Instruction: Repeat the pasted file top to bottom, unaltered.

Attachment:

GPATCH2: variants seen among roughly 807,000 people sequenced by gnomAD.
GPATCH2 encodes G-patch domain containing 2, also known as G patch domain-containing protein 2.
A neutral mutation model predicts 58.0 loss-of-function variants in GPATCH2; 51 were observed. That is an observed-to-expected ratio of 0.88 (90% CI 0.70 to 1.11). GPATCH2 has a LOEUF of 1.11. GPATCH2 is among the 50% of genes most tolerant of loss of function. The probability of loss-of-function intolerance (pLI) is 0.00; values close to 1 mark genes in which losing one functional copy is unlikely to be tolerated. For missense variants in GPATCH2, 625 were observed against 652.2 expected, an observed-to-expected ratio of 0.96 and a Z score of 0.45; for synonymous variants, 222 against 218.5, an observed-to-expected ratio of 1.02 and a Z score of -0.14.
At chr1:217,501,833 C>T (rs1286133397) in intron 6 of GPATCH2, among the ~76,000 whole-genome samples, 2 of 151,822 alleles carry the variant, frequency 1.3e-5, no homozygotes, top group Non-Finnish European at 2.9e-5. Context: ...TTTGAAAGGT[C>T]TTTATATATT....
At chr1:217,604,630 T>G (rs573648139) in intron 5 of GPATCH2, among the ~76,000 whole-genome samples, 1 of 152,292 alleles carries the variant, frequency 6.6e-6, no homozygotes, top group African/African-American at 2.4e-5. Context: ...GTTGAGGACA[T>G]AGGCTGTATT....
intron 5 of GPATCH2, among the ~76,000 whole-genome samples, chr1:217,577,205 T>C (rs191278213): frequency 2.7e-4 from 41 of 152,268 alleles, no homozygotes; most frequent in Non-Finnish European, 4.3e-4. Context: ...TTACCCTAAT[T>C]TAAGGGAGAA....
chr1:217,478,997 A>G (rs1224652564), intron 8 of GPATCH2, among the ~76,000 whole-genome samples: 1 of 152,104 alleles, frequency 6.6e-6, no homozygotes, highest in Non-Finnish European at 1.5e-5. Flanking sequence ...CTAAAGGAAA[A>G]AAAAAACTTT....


GPATCH2: variants seen among roughly 807,000 people sequenced by gnomAD.
GPATCH2 encodes G-patch domain containing 2, also known as G patch domain-containing protein 2.
A neutral mutation model predicts 58.0 loss-of-function variants in GPATCH2; 51 were observed. That is an observed-to-expected ratio of 0.88 (90% CI 0.70 to 1.11). GPATCH2 has a LOEUF of 1.11. GPATCH2 is among the 50% of genes most tolerant of loss of function. The probability of loss-of-function intolerance (pLI) is 0.00; values close to 1 mark genes in which losing one functional copy is unlikely to be tolerated. For missense variants in GPATCH2, 625 were observed against 652.2 expected, an observed-to-expected ratio of 0.96 and a Z score of 0.45; for synonymous variants, 222 against 218.5, an observed-to-expected ratio of 1.02 and a Z score of -0.14.
At chr1:217,501,833 C>T (rs1286133397) in intron 6 of GPATCH2, among the ~76,000 whole-genome samples, 2 of 151,822 alleles carry the variant, frequency 1.3e-5, no homozygotes, top group Non-Finnish European at 2.9e-5. Context: ...TTTGAAAGGT[C>T]TTTATATATT....
At chr1:217,604,630 T>G (rs573648139) in intron 5 of GPATCH2, among the ~76,000 whole-genome samples, 1 of 152,292 alleles carries the variant, frequency 6.6e-6, no homozygotes, top group African/African-American at 2.4e-5. Context: ...GTTGAGGACA[T>G]AGGCTGTATT....
intron 5 of GPATCH2, among the ~76,000 whole-genome samples, chr1:217,577,205 T>C (rs191278213): frequency 2.7e-4 from 41 of 152,268 alleles, no homozygotes; most frequent in Non-Finnish European, 4.3e-4. Context: ...TTACCCTAAT[T>C]TAAGGGAGAA....
chr1:217,478,997 A>G (rs1224652564), intron 8 of GPATCH2, among the ~76,000 whole-genome samples: 1 of 152,104 alleles, frequency 6.6e-6, no homozygotes, highest in Non-Finnish European at 1.5e-5. Flanking sequence ...CTAAAGGAAA[A>G]AAAAAACTTT....